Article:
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The Spread Of Hellenism History Essay

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Published: Mon, 5 Dec 2016

The Hellenistic Period dates between Alexander the Great’s death, in 323 BC, to the Roman annexation of Egypt in 30 BC. At that time, Greek power and culture spread out to the world. Hellenism resulted from conquests by Alexander the Great. Between 334 BC and 323 BC, Alexander had managed to take over the entire Persian Empire and to bring down its ruler, King Darius III. Alexander’s empire covered parts of Europe, Africa and Asia. It included Egypt, Assyria, Asia Minor, Mesopotamia, Levant, Persia, Media and parts of present day Pakistan and Afghanistan (Heckel, 2008). While Hellenism was the result of Alexander’s conquests, it took off after his death in 323 BC. This paper discusses the beginnings and spread of Hellenism.

Alexander was a son to Phillip II of Macedon. When his father died, Alexander battled with Greek city States against Macedon. He inherited his father’s role as supreme commander. After he had managed to consolidate Grecian City States, he re-launched the war his father had begun against Persia. Alexander and his forces easily moved across whatever was left in western Persia. He conquered all areas towards the east of the Euphrates. Darius gathered his troops in a final attempt to reclaim his empire, and the two met at the Gaugamela plain (Stoneman, 2004).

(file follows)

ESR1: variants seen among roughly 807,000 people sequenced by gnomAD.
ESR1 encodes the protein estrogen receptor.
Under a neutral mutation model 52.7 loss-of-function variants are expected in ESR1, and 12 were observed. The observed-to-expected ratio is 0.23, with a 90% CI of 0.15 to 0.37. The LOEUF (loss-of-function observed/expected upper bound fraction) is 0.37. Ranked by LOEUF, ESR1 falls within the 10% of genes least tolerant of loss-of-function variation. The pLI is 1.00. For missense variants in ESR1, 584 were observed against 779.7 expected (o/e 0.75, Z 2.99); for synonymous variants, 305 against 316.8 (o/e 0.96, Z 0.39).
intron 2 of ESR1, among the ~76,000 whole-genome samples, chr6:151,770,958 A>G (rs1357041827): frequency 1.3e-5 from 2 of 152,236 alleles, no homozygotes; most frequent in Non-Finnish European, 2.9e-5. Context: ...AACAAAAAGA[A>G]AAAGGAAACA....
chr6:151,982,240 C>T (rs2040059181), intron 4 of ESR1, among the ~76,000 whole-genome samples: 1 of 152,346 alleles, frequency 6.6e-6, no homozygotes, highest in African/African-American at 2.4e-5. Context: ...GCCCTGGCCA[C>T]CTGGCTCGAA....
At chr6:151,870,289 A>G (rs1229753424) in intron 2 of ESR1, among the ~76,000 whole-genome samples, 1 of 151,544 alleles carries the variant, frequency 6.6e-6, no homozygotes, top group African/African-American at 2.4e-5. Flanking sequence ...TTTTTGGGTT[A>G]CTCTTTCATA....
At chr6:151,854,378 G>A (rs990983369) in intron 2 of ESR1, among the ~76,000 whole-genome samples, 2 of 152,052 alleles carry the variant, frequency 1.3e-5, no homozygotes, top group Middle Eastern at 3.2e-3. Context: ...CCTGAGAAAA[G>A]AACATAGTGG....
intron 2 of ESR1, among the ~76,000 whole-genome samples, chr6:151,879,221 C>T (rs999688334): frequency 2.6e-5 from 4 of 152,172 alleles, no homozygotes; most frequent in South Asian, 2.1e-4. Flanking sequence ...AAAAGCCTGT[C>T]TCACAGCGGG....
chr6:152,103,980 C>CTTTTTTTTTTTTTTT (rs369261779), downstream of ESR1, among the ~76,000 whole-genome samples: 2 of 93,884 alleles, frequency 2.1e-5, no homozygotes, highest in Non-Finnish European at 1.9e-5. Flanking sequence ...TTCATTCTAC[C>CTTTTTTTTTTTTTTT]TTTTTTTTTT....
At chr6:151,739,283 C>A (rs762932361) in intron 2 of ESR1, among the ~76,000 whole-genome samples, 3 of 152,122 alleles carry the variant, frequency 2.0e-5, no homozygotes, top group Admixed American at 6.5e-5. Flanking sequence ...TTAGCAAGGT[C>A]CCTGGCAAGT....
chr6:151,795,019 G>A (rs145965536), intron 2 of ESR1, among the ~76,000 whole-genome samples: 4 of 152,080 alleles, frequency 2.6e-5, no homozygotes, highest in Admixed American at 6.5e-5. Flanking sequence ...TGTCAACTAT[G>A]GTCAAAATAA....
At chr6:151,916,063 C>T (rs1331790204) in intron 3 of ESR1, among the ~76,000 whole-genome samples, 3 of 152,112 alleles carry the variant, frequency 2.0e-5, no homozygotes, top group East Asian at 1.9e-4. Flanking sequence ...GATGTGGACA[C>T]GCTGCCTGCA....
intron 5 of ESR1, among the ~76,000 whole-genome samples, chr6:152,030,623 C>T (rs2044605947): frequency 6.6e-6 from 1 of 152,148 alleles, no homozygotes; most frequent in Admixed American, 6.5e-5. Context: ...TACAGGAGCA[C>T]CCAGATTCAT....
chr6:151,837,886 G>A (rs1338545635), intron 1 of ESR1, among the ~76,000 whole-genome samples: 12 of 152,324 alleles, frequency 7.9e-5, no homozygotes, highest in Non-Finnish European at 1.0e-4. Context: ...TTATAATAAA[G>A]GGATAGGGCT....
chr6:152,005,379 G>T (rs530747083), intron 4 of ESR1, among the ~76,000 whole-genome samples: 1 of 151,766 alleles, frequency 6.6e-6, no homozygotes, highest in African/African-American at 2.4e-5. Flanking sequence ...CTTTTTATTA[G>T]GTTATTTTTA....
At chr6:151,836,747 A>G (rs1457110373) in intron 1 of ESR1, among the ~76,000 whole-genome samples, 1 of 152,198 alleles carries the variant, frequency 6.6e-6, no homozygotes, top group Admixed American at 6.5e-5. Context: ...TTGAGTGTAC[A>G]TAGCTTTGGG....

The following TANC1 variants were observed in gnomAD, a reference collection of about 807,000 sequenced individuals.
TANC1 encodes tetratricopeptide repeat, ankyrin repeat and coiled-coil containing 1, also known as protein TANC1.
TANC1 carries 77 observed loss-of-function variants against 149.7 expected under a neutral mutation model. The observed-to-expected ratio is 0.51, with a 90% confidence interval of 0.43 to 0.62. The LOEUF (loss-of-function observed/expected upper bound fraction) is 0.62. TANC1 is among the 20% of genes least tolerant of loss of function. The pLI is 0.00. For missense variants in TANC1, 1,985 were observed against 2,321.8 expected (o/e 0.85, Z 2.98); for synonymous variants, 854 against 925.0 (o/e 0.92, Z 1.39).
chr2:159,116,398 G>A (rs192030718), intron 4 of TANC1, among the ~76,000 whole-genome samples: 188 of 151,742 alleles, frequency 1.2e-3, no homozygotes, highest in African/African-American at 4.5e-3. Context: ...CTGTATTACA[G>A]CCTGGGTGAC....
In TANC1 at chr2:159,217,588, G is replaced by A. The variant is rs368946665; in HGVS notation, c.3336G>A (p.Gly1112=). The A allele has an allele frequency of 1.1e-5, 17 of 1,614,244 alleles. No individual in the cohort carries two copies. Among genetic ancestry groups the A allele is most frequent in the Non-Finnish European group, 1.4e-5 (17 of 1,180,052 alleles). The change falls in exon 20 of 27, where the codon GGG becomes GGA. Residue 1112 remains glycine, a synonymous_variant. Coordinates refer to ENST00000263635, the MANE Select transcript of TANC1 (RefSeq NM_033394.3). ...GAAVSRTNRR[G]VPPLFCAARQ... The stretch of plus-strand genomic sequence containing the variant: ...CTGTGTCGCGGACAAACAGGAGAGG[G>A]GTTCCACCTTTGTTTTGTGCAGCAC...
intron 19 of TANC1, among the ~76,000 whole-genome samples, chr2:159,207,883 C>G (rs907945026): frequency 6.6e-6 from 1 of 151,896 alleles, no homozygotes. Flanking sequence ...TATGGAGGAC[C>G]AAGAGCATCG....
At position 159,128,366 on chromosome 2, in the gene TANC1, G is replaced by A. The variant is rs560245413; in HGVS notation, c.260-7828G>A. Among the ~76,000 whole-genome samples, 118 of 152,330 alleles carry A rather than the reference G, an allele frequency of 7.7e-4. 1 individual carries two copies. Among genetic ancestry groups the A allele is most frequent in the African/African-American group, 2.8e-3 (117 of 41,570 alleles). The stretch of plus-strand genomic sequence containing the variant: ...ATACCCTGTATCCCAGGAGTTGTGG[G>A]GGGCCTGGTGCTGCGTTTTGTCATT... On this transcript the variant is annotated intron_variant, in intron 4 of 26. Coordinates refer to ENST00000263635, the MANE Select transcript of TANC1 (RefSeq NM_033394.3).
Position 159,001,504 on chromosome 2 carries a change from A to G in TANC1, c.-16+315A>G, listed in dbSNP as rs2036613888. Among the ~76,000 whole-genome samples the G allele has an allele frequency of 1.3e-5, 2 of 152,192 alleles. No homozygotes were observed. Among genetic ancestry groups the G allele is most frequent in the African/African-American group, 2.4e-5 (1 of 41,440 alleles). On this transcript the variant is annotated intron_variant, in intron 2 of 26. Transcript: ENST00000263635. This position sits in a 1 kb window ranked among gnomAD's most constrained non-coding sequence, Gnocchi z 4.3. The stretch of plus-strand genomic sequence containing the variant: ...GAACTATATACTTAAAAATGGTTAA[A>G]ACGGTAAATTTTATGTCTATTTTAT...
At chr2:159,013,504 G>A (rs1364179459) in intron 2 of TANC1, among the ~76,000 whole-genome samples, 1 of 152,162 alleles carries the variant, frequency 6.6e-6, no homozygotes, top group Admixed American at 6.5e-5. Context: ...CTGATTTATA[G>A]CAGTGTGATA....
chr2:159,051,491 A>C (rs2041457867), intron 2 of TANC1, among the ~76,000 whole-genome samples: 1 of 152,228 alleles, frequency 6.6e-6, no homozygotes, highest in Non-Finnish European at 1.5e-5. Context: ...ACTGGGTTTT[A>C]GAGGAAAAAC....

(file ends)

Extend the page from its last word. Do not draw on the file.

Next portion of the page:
Heckel (2008) narrates that after easily crossing both the Euphrates and Tigris rivers, Alexander came face to face with Darius’ troops. Their battle seemed to be almost a stalemate, but Darius had the advantage of numbers. When Alexander found a chance, they attacked Darius and he fled. Most Persians gave up and Darius was killed by his own men. Alexander then became the king of Macedonia, Persia and Greece. He was not satisfied and headed for India but his forces refused and he went back hoping to continue with his conquests later on, but he suffered from Malaria and died shortly thereafter. Alexander’s commanders competed for control of the empire and eventually divided it into three parts; Greece/ Macedonia, Pergamum/Asia Minor, West Asia and Egypt. This marked the end of Alexander’s Era and the beginning of the Hellenistic Age.